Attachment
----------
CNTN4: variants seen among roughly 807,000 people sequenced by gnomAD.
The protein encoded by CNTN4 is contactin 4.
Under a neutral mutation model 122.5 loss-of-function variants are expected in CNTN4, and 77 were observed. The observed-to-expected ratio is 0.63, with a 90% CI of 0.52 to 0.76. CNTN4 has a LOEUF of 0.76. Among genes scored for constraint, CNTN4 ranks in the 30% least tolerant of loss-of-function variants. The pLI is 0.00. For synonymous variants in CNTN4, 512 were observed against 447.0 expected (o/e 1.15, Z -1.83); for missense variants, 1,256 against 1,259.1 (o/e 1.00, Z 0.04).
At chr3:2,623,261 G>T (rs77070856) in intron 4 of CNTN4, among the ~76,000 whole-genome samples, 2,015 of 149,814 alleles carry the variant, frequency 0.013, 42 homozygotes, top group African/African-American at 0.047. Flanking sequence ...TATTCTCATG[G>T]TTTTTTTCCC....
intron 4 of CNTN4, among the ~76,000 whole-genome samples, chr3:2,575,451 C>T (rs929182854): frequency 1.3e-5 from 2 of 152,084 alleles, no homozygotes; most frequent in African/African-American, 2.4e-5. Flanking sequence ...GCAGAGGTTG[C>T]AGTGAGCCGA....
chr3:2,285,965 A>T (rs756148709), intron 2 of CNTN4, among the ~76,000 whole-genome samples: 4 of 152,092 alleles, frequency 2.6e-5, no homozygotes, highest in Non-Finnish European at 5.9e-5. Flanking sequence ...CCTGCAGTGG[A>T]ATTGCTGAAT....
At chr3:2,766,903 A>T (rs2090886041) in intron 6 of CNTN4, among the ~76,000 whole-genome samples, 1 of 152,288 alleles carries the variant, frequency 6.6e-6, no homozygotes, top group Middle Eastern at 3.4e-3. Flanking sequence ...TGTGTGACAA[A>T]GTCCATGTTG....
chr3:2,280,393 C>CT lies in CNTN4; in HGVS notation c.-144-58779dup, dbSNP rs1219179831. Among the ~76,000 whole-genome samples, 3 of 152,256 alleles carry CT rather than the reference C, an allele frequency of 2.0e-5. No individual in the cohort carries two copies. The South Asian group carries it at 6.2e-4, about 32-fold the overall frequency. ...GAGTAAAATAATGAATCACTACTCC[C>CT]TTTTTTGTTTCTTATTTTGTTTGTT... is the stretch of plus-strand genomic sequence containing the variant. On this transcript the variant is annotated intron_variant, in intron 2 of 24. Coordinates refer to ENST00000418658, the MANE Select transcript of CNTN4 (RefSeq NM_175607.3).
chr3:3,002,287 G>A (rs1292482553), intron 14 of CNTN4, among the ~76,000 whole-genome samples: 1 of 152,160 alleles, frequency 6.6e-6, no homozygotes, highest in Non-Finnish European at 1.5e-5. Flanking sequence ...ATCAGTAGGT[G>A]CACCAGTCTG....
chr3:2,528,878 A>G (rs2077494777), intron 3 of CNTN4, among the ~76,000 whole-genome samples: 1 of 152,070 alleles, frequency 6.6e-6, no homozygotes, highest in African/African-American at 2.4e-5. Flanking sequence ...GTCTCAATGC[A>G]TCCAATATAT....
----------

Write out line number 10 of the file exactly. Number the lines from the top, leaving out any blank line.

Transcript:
chr3:2,528,878 A>G (rs2077494777), intron 3 of CNTN4, among the ~76,000 whole-genome samples: 1 of 152,070 alleles, frequency 6.6e-6, no homozygotes, highest in African/African-American at 2.4e-5. Flanking sequence ...GTCTCAATGC[A>G]TCCAATATAT....